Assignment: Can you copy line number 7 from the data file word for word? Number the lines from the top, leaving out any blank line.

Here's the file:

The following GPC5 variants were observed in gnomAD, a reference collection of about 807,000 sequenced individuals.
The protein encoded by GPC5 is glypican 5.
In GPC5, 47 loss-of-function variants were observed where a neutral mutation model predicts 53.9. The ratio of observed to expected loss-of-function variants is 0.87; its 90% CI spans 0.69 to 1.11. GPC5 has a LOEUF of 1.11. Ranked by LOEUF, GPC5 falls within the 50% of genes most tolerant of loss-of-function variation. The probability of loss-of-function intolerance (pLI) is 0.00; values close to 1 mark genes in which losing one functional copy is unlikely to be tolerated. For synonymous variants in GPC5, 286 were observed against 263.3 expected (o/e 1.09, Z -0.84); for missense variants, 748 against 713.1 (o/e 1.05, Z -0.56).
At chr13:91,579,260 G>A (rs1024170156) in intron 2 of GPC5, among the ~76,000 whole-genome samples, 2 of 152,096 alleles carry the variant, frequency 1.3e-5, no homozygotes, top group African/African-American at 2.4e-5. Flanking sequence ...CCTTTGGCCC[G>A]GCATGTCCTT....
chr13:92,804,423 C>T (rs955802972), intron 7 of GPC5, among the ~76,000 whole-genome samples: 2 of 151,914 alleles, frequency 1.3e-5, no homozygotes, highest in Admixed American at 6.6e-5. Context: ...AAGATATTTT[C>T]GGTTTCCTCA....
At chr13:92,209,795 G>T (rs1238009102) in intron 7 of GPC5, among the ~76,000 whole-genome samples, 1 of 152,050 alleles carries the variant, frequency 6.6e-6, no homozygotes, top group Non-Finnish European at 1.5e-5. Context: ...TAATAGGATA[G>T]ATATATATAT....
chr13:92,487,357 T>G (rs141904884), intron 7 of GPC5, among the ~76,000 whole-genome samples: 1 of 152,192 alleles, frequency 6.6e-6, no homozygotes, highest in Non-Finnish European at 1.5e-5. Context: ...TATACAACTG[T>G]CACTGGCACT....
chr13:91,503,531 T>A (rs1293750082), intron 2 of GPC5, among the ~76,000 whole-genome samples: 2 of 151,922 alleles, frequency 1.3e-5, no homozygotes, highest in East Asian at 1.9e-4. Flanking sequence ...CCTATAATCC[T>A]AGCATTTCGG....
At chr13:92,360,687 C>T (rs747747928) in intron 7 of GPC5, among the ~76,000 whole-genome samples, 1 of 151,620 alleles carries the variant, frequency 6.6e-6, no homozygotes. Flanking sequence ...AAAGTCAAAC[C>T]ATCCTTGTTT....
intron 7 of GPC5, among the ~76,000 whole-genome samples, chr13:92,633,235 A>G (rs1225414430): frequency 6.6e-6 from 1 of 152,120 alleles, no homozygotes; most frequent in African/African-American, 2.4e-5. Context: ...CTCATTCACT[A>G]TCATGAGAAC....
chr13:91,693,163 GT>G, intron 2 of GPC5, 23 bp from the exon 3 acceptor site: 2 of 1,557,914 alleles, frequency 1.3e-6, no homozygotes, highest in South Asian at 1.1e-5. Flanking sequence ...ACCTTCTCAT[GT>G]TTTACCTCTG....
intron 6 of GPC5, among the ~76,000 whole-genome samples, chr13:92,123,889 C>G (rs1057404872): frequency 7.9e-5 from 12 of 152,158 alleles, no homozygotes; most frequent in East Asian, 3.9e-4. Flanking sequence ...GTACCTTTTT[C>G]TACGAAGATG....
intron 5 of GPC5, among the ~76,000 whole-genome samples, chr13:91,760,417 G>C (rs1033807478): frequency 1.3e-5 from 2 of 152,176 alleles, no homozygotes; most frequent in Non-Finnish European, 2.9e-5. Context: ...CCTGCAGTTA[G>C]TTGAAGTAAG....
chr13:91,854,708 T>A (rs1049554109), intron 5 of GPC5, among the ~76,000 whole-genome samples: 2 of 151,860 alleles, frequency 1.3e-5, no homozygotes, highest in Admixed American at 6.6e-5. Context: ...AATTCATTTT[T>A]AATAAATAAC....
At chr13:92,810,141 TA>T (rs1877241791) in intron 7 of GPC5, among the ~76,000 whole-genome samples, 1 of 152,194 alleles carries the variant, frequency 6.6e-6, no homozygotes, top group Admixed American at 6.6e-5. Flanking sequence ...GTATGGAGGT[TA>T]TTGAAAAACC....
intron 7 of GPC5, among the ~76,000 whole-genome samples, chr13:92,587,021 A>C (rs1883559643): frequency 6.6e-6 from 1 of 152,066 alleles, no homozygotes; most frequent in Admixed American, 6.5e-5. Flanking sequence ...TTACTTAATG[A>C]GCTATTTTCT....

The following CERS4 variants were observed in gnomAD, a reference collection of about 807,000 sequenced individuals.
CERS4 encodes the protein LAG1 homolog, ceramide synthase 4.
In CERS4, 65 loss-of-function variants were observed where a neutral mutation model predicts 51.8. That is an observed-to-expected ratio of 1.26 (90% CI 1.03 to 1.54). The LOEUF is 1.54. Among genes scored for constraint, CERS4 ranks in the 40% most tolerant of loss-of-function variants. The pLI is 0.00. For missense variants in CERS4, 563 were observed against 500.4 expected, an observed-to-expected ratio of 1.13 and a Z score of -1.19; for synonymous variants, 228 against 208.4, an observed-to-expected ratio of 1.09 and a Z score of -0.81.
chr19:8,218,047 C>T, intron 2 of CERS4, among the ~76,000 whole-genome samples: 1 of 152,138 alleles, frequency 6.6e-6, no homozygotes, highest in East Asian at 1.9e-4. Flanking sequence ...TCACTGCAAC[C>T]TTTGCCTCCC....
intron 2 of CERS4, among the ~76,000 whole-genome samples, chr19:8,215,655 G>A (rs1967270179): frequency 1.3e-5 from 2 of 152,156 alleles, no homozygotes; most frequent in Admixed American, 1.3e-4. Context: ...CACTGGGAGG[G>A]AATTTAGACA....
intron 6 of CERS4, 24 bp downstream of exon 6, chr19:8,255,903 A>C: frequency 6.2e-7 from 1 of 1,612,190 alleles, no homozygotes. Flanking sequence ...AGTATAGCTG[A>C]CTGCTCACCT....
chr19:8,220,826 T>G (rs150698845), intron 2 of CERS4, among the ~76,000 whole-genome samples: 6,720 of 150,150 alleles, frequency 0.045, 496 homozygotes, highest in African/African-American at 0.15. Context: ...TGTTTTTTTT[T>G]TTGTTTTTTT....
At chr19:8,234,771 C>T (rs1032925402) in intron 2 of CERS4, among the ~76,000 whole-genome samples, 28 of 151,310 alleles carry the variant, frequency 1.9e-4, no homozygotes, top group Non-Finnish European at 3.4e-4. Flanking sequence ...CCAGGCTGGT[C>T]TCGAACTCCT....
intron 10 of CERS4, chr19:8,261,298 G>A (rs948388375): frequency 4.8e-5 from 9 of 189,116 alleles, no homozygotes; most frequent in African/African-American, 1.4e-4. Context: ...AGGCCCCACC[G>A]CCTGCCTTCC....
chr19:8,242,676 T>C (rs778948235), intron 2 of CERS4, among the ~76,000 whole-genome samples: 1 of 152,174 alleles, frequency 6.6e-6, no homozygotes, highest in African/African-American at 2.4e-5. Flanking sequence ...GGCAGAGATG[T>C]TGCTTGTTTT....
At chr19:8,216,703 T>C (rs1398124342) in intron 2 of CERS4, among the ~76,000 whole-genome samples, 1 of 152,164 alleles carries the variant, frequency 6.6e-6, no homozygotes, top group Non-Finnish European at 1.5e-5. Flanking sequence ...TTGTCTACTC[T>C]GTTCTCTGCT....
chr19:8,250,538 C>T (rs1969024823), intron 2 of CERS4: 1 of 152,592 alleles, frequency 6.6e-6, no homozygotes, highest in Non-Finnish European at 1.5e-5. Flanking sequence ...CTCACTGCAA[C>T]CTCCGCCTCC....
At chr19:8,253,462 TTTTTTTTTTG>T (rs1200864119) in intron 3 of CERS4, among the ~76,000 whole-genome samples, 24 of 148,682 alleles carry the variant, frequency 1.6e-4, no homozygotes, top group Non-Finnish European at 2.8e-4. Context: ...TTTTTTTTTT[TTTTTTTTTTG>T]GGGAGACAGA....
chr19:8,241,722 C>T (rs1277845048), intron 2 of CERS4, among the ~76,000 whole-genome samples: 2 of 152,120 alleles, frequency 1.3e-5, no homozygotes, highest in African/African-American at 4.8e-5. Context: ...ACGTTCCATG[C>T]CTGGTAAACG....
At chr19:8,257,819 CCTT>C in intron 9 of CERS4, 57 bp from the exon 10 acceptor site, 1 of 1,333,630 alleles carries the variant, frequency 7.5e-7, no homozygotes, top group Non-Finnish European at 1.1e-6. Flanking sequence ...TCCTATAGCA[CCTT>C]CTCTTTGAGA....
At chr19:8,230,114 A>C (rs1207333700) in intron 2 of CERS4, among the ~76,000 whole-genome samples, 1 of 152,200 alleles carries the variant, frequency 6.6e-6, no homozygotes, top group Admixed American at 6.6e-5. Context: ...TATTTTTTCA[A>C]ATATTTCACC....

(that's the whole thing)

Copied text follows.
chr13:92,487,357 T>G (rs141904884), intron 7 of GPC5, among the ~76,000 whole-genome samples: 1 of 152,192 alleles, frequency 6.6e-6, no homozygotes, highest in Non-Finnish European at 1.5e-5. Context: ...TATACAACTG[T>G]CACTGGCACT....